5G driven efficiency boost for manufacturing – IEEE 5G World Forum in Dresden

IEEE 5G World Forum Dresden


Uwe Herzog                                                                   Milon Gupta
Eurescom                                                                       Eurescom
herzog(at)eurescom.eu                                              gupta(at)eurescom.eu

The second edition of the IEEE 5G World ­Forum, the flagship event of the IEEE Future Networks Initiative, took place in Dresden, Germany from 29th September to 2nd October. The event was held in conjunction with the 4th IEEE 5G Summit and consisted of a conference, several workshops, and an exhibition. More than 1,000 international participants came to the International Congress Center Dresden to discuss the future of 5G.

Prof. Henning Schulzrinne

Cautionary messages at the opening

In the opening plenary, Prof. Henning Schulzrinne from Columbia University seemed rather sceptical about the economic success of 5G – at least as far as telcos and equipment manufacturers are concerned. He rather expects that 5G could lead to industry consolidation.

Dr. Thyaga Nandagopal from the US National Science Foundation took a similarly sceptical line. He tried to calm down the hype about 5G that some say might change everyone’s life. Dr. Nandagopal warned not to expect too much. That said, he was confident that there would be many interesting new applications enabled by higher bandwidth, lower latency and higher device density.

Dr. Michael Bolle, Chief Digital Officer and Chief Technology Officer at Bosch, was more upbeat about 5G. In the area of mobility, he considers 5G to be an answer to the requirements of V2X, e. g. for platooning or tele-operated driving.

In the manufacturing domain, Dr. Bolle sees the high potential of 5G for improving efficiency and cost of production – especially in Bosch’s own 180 plants worldwide. This will be needed to respond to the trend of mass customisation, which requires high flexibility and wireless connectivity as well as flexible device positioning with wireless charging. Especially for safety-critical functions he considers 5G to be better than WiFi.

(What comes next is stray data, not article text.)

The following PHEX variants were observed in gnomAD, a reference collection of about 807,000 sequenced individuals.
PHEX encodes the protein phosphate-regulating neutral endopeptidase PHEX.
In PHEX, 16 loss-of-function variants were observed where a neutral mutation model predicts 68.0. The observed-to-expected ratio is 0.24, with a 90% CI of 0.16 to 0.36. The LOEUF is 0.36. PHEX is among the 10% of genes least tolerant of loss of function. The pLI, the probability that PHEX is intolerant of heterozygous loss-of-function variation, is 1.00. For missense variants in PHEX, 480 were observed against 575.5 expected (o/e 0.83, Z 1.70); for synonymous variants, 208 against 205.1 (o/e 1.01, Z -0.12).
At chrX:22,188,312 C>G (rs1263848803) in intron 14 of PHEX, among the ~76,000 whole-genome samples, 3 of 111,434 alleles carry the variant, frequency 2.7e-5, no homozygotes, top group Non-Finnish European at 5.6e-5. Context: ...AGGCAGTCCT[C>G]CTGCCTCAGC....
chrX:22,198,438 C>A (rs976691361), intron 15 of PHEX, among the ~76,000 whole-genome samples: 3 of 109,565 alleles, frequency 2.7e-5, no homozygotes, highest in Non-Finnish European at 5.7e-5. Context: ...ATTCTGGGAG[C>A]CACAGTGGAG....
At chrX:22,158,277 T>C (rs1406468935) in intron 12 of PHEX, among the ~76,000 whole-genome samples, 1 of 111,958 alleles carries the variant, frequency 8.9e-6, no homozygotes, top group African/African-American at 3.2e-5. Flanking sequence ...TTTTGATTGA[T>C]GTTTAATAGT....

In terms of 5G deployment, Bosch clearly favours closed and private networks connected to the Bosch factories, either autonomously or provided by telcos and device manufacturers. Dr. Bolle stressed that for Bosch, security and avoiding attacks is crucial.

Dr. Michael Bolle

More insights from the conference

In the Worldwide 5G Industry Fora Session, Heinz Bernold from Boston Consulting Group highlighted the operators’ increased network costs for 5G; he estimated a 60{b28ae05319d94bff0b4d65c5a9f4524dd588360f05c61ef440e1608e0a1c4144} increase.

In the plenary session on the second day, Dr. Hannes Ametsreiter from Vodafone Germany highlighted the importance of 5G’s low latency for applications like controlling a drone or remotely controlling building cranes and other equipment.

As an application example for factories he mentioned a recently completed car production plant in Aachen, which is 5G-enabled. This gives high flexibility to the production process, for example by providing almost real-time detailed information on the status of the production process. This information can be stored in a blockchain and monitored any time.

Peter Riedel, President and Chief Operating Officer of Rohde & Schwarz, emphasised that 5G can help in automation and save infrastructure costs. He said Rohde & Schwarz has seven-digit infrastructure costs every year. Apart from cost-savings, he stressed the importance of security, reliability and low latency as well as high relia­bility enabled by 5G.

Further information: IEEE 5G World Forum website – https://ieee-wf-5g.org